Monitoring Your Financial Progress and Measuring Results

Monday, December 02 at 09:05 AM
Category: Personal Finance

Taking control of your financial future is a process. As with any process, it is important to monitor your progress and measure results. Doing so will help you to understand how well you are doing and to determine if the financial strategies you are using are working.

A balance sheet provides a business with a snapshot view of its financial status. An income statement measures progress. You should do the same with your personal finances.

Monitoring progress
Preparing a personal balance sheet annually should be part of your financial management. You simply add up all your assets and subtract your liabilities to determine your net worth.

When preparing your personal balance sheet, separate your investment assets into stock, bond and cash categories. Understanding your personal “asset allocation” will help you organize and monitor your finances. You can also find examples in many financial planning books. It also makes sense to track changes from year-to-year to monitor your progress and determine if you are on track to reach your financial objectives.

Measuring your results
The other step, and the one that is more difficult, is determining how well you are doing. Determining your “absolute results” or if your net worth has increased from year-to-year is easy. Determining your “relative results” or how well you are doing compared to the rest of the financial world is not easy. If your stock portfolio went up 15 percent, that is good if the overall market was only up 10 percent. However, if the market was up 23 percent during that same period, a return of 15 percent is not so good.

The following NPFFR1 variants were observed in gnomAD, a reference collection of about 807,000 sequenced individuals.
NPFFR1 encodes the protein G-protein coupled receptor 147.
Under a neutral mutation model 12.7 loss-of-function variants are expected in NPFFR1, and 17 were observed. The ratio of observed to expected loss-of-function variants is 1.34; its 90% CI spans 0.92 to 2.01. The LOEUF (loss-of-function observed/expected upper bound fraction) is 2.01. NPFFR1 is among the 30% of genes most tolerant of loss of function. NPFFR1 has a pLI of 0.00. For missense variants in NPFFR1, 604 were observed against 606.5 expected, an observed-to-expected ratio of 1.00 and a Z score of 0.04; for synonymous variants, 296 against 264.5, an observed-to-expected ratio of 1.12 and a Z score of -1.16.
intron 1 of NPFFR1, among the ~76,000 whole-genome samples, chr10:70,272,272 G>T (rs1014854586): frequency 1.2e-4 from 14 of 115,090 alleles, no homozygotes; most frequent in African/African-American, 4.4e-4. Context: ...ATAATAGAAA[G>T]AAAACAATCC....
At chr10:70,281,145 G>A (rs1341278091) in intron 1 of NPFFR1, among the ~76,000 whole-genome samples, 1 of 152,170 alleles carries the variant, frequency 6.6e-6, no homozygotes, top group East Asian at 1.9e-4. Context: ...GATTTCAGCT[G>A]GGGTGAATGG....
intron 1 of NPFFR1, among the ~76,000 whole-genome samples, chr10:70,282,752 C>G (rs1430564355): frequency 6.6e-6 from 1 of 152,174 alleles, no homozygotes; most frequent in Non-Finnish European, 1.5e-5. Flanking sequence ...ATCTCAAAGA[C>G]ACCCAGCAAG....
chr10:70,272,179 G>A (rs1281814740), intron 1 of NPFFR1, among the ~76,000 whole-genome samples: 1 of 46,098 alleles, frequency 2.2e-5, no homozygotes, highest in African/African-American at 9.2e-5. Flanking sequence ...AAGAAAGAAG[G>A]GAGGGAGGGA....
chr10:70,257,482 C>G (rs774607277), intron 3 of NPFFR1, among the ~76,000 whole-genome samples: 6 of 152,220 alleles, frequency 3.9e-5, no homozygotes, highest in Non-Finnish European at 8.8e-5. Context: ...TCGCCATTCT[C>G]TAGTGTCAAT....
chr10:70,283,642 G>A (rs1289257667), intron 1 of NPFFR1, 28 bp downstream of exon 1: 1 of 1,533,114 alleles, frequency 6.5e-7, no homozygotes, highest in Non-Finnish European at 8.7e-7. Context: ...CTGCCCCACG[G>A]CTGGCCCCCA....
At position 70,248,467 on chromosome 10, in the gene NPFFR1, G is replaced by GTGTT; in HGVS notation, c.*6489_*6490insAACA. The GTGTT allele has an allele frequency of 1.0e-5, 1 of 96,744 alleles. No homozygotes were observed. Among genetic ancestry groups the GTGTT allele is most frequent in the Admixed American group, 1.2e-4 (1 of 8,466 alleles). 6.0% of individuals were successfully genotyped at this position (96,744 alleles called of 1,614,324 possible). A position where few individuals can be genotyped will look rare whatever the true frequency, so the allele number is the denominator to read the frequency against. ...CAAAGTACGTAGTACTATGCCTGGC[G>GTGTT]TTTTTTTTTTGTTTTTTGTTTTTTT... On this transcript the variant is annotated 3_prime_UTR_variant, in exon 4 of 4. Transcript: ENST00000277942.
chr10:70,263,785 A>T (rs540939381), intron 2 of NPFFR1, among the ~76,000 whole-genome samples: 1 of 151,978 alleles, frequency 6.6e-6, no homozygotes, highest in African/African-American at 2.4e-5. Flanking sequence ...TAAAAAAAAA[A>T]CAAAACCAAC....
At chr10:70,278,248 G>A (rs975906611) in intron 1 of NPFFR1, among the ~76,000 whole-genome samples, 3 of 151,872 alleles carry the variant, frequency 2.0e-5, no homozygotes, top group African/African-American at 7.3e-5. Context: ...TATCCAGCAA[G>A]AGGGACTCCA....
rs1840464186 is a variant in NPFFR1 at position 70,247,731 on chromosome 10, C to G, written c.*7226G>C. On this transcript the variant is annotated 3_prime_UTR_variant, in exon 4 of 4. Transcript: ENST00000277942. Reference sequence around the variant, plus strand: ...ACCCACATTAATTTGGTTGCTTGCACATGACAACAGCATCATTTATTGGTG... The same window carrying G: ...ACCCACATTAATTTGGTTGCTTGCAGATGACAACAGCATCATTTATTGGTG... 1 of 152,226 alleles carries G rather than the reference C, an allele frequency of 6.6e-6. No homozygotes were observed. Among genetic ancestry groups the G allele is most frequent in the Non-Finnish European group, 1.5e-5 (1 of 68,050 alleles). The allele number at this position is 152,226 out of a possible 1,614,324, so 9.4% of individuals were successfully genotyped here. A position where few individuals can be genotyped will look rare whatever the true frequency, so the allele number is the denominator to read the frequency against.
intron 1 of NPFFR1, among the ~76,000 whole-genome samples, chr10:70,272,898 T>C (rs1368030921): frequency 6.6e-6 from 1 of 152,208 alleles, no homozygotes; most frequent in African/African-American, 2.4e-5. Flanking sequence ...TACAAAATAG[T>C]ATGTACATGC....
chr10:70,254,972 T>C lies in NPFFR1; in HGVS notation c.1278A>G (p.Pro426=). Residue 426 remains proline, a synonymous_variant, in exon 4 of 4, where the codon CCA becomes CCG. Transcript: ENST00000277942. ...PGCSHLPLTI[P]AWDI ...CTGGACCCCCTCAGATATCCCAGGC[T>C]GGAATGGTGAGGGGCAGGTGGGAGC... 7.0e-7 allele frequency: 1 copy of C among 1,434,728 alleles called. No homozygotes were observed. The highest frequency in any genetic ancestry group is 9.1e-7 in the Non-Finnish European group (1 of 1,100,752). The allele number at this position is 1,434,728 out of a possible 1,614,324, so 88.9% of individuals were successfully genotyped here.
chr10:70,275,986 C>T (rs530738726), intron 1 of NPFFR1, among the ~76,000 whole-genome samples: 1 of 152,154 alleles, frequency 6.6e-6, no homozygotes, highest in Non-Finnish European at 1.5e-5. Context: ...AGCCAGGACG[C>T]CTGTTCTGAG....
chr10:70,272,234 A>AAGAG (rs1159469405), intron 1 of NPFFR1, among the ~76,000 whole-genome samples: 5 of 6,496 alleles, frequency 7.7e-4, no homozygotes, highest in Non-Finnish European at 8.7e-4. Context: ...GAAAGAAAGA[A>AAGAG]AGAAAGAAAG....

Measuring your results can be difficult in two ways. First, just doing the calculation can be complex, especially if you added or withdrew money from your portfolio during the year. It is also difficult to know what formula to use.

There are rate-of-return calculation tools in many computer software programs. If you are using a spreadsheet program, then use the internal rate of return function to calculate the total return on your portfolio.

Second, you must have some basis of comparison to measure how well you did relative to a benchmark.  If your portfolio is all stocks, then you may want to compare your returns with those of an index like the S&P 500. If your portfolio is all bonds, then you may want to use the return on long-term government bonds as a comparison.

You can also compare your returns with quoted mutual fund returns. But, remember to compare with a fund that has a similar make-up of its portfolio. If you are a conservative investor with a portfolio of blue chip issues, then don’t compare your returns with an aggressive small company mutual fund.

Next steps
If your results meet your expectations, then keep doing what you are doing. If your results do not measure up, then you may want to take actions to improve them. This could include changing your stock selection process, urging your stockbroker to help you make better decisions, giving the responsibility to a professional investment advisor or choosing a different mutual fund.

Tags: Financial Education
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